This hegemonic consent is so important because without it The Circle, much like capitalism, which it comes to represent, would collapse in on itself. Both of these entities have inherent contradictions and absurdities within them. This is clearly demonstrated when Bailey explains the effect the live stream cameras will have on the world. He claims that it could almost completely eliminate crime and justifies this by saying “when there’s something kept secret, two things happen. One is that it makes crimes possible. We behave worse when we’re not accountable”(Eggers 299). But this explanation fails to understand the true base of what causes crime. People don’t steal due to a lack of moral fortitude but due to economic necessity. Bailey’s explanation makes it a personal moral failing but if a person is starving that is evidence of a failing and dysfunctional system, not a person’s personal flaws.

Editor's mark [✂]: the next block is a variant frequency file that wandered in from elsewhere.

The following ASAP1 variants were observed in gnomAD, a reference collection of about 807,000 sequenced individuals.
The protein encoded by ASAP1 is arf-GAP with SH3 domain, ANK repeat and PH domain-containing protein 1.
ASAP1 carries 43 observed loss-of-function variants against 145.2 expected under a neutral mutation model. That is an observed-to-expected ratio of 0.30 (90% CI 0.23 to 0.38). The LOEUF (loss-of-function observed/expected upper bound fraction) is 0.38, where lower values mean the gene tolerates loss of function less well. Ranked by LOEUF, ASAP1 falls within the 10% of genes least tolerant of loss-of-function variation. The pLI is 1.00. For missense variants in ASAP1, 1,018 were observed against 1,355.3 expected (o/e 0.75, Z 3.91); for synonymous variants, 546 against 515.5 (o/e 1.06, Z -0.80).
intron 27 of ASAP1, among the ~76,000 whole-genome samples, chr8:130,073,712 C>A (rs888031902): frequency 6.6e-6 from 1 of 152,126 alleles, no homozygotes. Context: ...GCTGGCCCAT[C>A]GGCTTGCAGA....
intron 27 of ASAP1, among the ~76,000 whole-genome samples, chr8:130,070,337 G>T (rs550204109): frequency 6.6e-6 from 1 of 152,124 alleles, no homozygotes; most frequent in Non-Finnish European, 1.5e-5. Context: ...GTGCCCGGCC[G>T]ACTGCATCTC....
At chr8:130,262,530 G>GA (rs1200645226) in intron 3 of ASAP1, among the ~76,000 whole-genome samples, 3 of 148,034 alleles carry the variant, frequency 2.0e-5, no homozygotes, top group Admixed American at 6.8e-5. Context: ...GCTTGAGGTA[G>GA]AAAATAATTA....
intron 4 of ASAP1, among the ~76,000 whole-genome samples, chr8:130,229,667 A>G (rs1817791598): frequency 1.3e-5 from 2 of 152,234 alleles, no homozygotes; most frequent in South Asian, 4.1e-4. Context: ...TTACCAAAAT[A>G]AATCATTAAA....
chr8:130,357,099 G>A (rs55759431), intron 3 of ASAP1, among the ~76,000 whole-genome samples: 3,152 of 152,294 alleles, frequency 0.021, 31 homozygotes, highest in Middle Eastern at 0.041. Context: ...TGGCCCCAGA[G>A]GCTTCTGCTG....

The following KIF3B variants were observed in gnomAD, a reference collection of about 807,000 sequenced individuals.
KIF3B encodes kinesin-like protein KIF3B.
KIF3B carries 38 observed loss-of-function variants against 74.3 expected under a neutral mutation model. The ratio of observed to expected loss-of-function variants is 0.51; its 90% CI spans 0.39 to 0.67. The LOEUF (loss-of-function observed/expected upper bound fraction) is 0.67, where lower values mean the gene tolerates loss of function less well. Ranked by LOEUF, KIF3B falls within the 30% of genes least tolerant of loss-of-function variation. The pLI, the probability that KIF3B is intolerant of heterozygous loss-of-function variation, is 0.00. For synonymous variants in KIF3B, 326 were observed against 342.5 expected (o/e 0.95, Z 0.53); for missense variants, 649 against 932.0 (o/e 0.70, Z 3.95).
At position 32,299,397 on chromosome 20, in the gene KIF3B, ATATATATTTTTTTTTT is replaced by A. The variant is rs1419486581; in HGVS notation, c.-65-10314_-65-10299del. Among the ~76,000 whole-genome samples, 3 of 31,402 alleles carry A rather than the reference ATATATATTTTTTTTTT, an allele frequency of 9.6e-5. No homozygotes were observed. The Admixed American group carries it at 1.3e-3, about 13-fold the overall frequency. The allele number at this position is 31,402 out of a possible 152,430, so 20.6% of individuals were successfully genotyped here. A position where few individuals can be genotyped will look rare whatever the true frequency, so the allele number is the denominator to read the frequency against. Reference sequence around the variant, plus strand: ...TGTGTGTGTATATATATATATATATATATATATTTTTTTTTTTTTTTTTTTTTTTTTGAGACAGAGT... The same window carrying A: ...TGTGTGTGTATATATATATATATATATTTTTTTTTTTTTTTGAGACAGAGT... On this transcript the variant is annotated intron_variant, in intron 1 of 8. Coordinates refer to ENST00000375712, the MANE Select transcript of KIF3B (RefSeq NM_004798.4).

But all of these contradictions are concealed due to the hegemonic dominance The Circle has been able to so effectively institute. This is why hegemony is such an important part of the capitalist system because, without it, exploitation would be laid bare and seen for what it is. Crude and base exploitation with no real objective justification. So it comes as no surprise that The Circle spends so much energy and time on defining narratives because, in the end, it’s the only thing standing between total dominance and the complete and utter collapse of the system.